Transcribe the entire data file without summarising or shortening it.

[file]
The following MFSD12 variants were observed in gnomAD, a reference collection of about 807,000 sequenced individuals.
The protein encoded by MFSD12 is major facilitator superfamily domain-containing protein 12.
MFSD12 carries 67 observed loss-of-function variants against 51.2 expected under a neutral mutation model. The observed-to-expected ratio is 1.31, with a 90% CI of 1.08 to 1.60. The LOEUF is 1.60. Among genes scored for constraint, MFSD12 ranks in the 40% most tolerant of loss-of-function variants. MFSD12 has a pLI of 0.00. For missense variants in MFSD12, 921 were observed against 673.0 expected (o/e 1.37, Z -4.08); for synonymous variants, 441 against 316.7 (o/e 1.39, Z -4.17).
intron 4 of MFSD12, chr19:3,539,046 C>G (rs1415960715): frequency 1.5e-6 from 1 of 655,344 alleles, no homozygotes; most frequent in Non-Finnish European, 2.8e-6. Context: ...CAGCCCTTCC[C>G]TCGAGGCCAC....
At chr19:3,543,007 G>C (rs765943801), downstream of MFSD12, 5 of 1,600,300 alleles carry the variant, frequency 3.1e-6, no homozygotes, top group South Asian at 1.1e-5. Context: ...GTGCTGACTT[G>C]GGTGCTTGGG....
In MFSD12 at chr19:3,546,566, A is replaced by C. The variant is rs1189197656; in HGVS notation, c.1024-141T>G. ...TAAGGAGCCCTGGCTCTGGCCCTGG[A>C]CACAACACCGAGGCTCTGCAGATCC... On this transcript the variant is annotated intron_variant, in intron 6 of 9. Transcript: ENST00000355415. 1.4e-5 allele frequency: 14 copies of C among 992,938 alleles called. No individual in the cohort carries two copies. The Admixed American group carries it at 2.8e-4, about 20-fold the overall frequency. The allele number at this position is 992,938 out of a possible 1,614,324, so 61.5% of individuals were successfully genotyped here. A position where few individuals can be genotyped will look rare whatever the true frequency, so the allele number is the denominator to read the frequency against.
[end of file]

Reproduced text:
The following MFSD12 variants were observed in gnomAD, a reference collection of about 807,000 sequenced individuals.
The protein encoded by MFSD12 is major facilitator superfamily domain-containing protein 12.
MFSD12 carries 67 observed loss-of-function variants against 51.2 expected under a neutral mutation model. The observed-to-expected ratio is 1.31, with a 90% CI of 1.08 to 1.60. The LOEUF is 1.60. Among genes scored for constraint, MFSD12 ranks in the 40% most tolerant of loss-of-function variants. MFSD12 has a pLI of 0.00. For missense variants in MFSD12, 921 were observed against 673.0 expected (o/e 1.37, Z -4.08); for synonymous variants, 441 against 316.7 (o/e 1.39, Z -4.17).
intron 4 of MFSD12, chr19:3,539,046 C>G (rs1415960715): frequency 1.5e-6 from 1 of 655,344 alleles, no homozygotes; most frequent in Non-Finnish European, 2.8e-6. Context: ...CAGCCCTTCC[C>G]TCGAGGCCAC....
At chr19:3,543,007 G>C (rs765943801), downstream of MFSD12, 5 of 1,600,300 alleles carry the variant, frequency 3.1e-6, no homozygotes, top group South Asian at 1.1e-5. Context: ...GTGCTGACTT[G>C]GGTGCTTGGG....
In MFSD12 at chr19:3,546,566, A is replaced by C. The variant is rs1189197656; in HGVS notation, c.1024-141T>G. ...TAAGGAGCCCTGGCTCTGGCCCTGG[A>C]CACAACACCGAGGCTCTGCAGATCC... On this transcript the variant is annotated intron_variant, in intron 6 of 9. Transcript: ENST00000355415. 1.4e-5 allele frequency: 14 copies of C among 992,938 alleles called. No individual in the cohort carries two copies. The Admixed American group carries it at 2.8e-4, about 20-fold the overall frequency. The allele number at this position is 992,938 out of a possible 1,614,324, so 61.5% of individuals were successfully genotyped here. A position where few individuals can be genotyped will look rare whatever the true frequency, so the allele number is the denominator to read the frequency against.